7/10
Funny French period comedy with excellent interplay from the two brilliant leads
27 June 2018
Period dramas are not usually my thing to be perfectly honest and when I read that this movie may in fact be 'swashbuckling' I began to get very worried and hitherto horrifying suppressed memories of Johnny Depp pretending to be Keith Richards in a pirate hat came rushing back to me. So, it came as a great relief and surprise to discover that this film is not really swashbuckling in the least and features no characters pretending to be Bill Wyman while sporting a Bicorne hat. What it actually is, is in fact a rather successfully funny period comedy. The story basically boils down to a French army captain who goes off to war in Austria but neglects to subsequently send letters to his bride-to-be. This leads to her sister surreptitiously writing fake letters pretending to be him with ever-increasing lies and exaggerations. The problems start when this man returns as a vagabond after having deserted his regiment, leading to him adopting the fake heroic persona created for him by the sister, only increasing the tension between them as a consequence.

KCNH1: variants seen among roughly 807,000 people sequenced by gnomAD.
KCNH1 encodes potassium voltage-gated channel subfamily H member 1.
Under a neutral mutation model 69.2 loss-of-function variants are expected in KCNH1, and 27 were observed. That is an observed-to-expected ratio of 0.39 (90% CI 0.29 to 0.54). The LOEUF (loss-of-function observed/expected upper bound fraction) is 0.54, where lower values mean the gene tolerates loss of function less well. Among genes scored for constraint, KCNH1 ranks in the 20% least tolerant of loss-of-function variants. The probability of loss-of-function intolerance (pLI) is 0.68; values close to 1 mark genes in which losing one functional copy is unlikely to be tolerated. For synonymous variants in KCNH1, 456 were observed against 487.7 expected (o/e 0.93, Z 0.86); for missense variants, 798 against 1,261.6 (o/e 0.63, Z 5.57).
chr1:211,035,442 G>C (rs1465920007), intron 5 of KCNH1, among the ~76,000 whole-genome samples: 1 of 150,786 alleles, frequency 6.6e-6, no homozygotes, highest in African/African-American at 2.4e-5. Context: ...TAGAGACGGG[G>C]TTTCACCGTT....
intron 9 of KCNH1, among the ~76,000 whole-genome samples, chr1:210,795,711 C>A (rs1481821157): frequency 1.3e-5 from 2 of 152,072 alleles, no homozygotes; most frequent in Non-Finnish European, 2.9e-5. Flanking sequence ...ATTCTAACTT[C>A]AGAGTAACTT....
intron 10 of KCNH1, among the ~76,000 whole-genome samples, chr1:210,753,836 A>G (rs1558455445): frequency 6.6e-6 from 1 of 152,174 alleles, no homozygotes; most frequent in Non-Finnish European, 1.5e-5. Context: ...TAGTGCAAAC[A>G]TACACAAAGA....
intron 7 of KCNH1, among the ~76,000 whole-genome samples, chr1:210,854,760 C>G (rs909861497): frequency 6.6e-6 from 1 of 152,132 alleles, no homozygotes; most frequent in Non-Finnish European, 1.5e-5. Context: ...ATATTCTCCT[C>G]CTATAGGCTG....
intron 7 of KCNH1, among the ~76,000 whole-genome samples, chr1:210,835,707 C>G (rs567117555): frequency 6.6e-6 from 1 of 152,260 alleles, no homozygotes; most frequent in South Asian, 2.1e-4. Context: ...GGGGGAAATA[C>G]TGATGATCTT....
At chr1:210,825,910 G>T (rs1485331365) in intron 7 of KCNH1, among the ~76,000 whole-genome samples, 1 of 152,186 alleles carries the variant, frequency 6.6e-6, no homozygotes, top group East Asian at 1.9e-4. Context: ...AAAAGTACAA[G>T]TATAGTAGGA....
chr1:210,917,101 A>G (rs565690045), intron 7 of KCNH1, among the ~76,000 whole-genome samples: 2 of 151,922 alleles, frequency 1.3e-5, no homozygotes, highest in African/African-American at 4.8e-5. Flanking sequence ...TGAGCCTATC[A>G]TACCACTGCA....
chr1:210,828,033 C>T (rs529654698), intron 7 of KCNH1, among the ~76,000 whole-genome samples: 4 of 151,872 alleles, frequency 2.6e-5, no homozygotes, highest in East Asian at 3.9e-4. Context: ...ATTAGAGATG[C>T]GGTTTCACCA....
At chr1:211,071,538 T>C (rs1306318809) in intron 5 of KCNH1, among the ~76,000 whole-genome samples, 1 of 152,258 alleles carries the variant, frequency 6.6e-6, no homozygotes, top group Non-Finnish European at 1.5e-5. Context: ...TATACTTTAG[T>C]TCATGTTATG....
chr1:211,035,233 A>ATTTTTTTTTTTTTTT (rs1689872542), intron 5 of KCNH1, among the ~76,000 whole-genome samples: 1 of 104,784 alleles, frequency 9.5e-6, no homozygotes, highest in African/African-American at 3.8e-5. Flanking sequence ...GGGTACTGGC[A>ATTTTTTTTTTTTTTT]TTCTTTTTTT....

This one works in a large part on account of the acting performances from the two leads Jean Dujardin and Mélanie Laurent, who are both major French movie stars. Both of them are quite excellent and funny in their roles, with terrific chemistry. The script is definitely amusing and channels the early 19th century by way of 2018, where at one-point Laurent complains about a sexist comment with the line 'it isn't the Dark Ages, this is 1812!'. So, there is much great verbal interplay between the two leads but pleasingly, the film is not afraid to throw in the odd visual gag too, such as where Dujardin hilariously spits into a baby's carriage. Towards the end, there is an injection of morose realism with a well-acted dinner scene, where Dujardin for once details the true nature of his war experiences. But it has to be said, for the vast majority of the time, this one is very much for laughs. The beautiful period detail and costuming only adds a nice dose of colour and production value to proceedings too. But, the most important factor is that this is a very successfully engaging and funny bit of French comedy.
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